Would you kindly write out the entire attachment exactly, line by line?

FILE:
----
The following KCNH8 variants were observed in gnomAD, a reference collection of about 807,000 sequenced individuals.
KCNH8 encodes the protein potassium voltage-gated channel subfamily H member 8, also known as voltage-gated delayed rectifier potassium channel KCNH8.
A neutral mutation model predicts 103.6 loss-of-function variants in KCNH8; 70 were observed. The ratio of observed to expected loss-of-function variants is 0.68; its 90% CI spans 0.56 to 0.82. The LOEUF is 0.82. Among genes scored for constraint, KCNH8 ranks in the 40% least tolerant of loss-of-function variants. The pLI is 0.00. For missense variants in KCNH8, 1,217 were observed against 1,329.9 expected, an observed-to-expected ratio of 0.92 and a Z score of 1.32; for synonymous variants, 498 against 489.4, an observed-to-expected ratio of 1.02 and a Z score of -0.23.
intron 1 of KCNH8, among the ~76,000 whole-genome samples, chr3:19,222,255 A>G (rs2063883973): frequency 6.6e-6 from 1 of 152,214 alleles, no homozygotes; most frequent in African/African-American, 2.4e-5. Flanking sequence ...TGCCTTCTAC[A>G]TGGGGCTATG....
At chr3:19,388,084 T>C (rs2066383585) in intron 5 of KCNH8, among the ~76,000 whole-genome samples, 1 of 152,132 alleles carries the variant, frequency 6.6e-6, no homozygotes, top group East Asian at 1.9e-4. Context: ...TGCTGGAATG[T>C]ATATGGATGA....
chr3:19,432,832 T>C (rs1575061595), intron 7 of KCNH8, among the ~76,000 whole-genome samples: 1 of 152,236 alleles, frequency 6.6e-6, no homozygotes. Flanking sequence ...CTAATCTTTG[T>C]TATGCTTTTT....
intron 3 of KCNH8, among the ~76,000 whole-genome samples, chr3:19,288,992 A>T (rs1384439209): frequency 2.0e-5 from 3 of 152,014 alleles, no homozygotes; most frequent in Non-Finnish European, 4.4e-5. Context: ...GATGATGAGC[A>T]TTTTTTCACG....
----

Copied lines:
The following KCNH8 variants were observed in gnomAD, a reference collection of about 807,000 sequenced individuals.
KCNH8 encodes the protein potassium voltage-gated channel subfamily H member 8, also known as voltage-gated delayed rectifier potassium channel KCNH8.
A neutral mutation model predicts 103.6 loss-of-function variants in KCNH8; 70 were observed. The ratio of observed to expected loss-of-function variants is 0.68; its 90% CI spans 0.56 to 0.82. The LOEUF is 0.82. Among genes scored for constraint, KCNH8 ranks in the 40% least tolerant of loss-of-function variants. The pLI is 0.00. For missense variants in KCNH8, 1,217 were observed against 1,329.9 expected, an observed-to-expected ratio of 0.92 and a Z score of 1.32; for synonymous variants, 498 against 489.4, an observed-to-expected ratio of 1.02 and a Z score of -0.23.
intron 1 of KCNH8, among the ~76,000 whole-genome samples, chr3:19,222,255 A>G (rs2063883973): frequency 6.6e-6 from 1 of 152,214 alleles, no homozygotes; most frequent in African/African-American, 2.4e-5. Flanking sequence ...TGCCTTCTAC[A>G]TGGGGCTATG....
At chr3:19,388,084 T>C (rs2066383585) in intron 5 of KCNH8, among the ~76,000 whole-genome samples, 1 of 152,132 alleles carries the variant, frequency 6.6e-6, no homozygotes, top group East Asian at 1.9e-4. Context: ...TGCTGGAATG[T>C]ATATGGATGA....
chr3:19,432,832 T>C (rs1575061595), intron 7 of KCNH8, among the ~76,000 whole-genome samples: 1 of 152,236 alleles, frequency 6.6e-6, no homozygotes. Flanking sequence ...CTAATCTTTG[T>C]TATGCTTTTT....
intron 3 of KCNH8, among the ~76,000 whole-genome samples, chr3:19,288,992 A>T (rs1384439209): frequency 2.0e-5 from 3 of 152,014 alleles, no homozygotes; most frequent in Non-Finnish European, 4.4e-5. Context: ...GATGATGAGC[A>T]TTTTTTCACG....